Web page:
September 3, 2015

Study to compare benefits of bariatric surgery methods

Vanderbilt University Medical Center researchers are participating in a national study to compare the health benefits and safety of three main methods of bariatric, or weight-loss surgery.

Vanderbilt University researchers are participating in a national study to compare the health benefits and safety of three main methods of bariatric, or weight-loss surgery.

The goal of the two-year, $4.5 million study, funded by the independent Patient-Centered Outcomes Research Institute (PCORI), is to provide patients and their health care providers the information they need to choose which method is best for them.

The study will compare outcomes of gastric bypass, adjustable gastric banding and sleeve gastrectomy by reviewing the records of more than 60,000 patients who had one of the procedures within the past decade. Data will be provided by 10 clinical research networks (CDRNs), including the Vanderbilt-led Mid-South CDRN.

David Schlundt, Ph.D.

“We’re pleased to be a part of this national effort to put together the largest study ever done to evaluate the impact of bariatric surgery,” said obesity researcher David Schlundt, Ph.D., associate professor of Psychology at Vanderbilt, who will lead Mid-South CDRN’s contribution to the study.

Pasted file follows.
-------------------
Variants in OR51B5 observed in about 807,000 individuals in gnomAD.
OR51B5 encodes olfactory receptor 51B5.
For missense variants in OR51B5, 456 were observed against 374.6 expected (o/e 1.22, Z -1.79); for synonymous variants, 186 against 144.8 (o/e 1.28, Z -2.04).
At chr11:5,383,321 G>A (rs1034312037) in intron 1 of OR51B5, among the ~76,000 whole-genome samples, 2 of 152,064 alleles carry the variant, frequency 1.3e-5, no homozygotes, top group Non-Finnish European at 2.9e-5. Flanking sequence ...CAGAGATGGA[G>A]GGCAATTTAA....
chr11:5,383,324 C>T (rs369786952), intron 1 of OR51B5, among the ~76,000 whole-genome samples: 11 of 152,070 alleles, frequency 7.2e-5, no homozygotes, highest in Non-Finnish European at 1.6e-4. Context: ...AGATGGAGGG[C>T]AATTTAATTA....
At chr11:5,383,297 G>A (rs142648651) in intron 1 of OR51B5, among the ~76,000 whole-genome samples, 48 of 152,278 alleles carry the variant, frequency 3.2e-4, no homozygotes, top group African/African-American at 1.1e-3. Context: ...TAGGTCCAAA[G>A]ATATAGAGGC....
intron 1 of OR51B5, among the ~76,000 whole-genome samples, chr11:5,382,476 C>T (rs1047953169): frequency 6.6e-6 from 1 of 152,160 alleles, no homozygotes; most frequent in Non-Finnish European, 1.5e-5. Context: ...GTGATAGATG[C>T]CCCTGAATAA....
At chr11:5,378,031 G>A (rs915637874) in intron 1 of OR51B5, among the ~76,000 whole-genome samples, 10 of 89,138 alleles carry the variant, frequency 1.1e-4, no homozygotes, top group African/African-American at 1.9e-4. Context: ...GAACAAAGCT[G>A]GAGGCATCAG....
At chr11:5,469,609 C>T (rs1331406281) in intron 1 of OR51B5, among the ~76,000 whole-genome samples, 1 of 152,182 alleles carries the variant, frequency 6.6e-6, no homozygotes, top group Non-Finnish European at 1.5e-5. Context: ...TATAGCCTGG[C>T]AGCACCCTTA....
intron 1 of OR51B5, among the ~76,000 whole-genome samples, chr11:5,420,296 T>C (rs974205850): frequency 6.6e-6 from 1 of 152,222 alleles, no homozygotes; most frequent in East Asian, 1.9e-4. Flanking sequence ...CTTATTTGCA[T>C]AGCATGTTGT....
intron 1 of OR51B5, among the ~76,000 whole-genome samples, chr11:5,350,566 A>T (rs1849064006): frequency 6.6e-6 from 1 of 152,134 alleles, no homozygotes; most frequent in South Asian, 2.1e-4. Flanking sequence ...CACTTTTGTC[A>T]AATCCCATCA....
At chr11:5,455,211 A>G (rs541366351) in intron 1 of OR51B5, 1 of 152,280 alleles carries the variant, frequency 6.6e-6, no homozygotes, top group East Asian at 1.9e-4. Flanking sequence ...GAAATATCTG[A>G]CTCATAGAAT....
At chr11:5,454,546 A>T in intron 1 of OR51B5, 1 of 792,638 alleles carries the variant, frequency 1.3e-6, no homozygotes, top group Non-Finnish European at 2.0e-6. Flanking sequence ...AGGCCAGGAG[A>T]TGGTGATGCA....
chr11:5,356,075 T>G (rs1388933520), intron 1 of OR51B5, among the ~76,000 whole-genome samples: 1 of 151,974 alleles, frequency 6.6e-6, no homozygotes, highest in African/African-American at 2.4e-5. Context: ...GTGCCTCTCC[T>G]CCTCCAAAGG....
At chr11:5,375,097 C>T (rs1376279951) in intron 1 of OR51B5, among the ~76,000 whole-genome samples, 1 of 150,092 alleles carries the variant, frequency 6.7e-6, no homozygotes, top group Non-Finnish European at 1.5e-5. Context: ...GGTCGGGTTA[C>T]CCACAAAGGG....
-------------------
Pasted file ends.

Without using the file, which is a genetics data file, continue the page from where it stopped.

Longtime patient advocate Neely Williams, M.Div., a member of the Mid-South CDRN Stakeholder Engagement Team, is co-principal investigator of the national study led by the Seattle-based Group Health Cooperative. She said her role was to ensure “the patient’s voice is heard and … concerns are addressed throughout the research process.”

Established in early 2014 with a $6.9 million PCORI award, the Mid-South CDRN initially brought together the Vanderbilt Health System, the Vanderbilt Health Affiliated Network and Greenway Health, a national electronic health records company.

Through the Meharry-Vanderbilt Alliance, the Mid-South CDRN partners with Meharry Medical College, Nashville General Hospital and the Matthew Walker Comprehensive Health Center.

Recently the Mid-South CDRN received an additional three-year, $8.5 million funding award from PCORI to partner with the Carolinas Collaborative, which includes Duke University, the University of North Carolina at Chapel Hill, Medical University of South Carolina, and Health Sciences South Carolina (HSSC).

This diverse array of academic and community hospitals, primary care and specialty practices and community health centers in rural and urban areas now encompasses more than 9 million patients in the Southeast plus 14 million patients nationally through Greenway Health.

Schlundt is a member of the Behavioral and Interventional Research Group in the Vanderbilt Institute for Obesity and Metabolism and an investigator in the Vanderbilt Center for Diabetes Translation Research.

Neely is a member of the Community Advisory Council, which advises the Meharry-Vanderbilt Community-Engaged Research Core of the Vanderbilt Institute for Clinical and Translational Research.

The funding award for the bariatric study has been approved by PCORI’s Board pending completion of a business and programmatic review by PCORI staff and issuance of a formal award contract.

PCORI is an independent, nonprofit organization authorized by Congress in 2010. Its mission is to fund research that will provide patients, their caregivers, and clinicians with the evidence-based information needed to make better-informed health care decisions.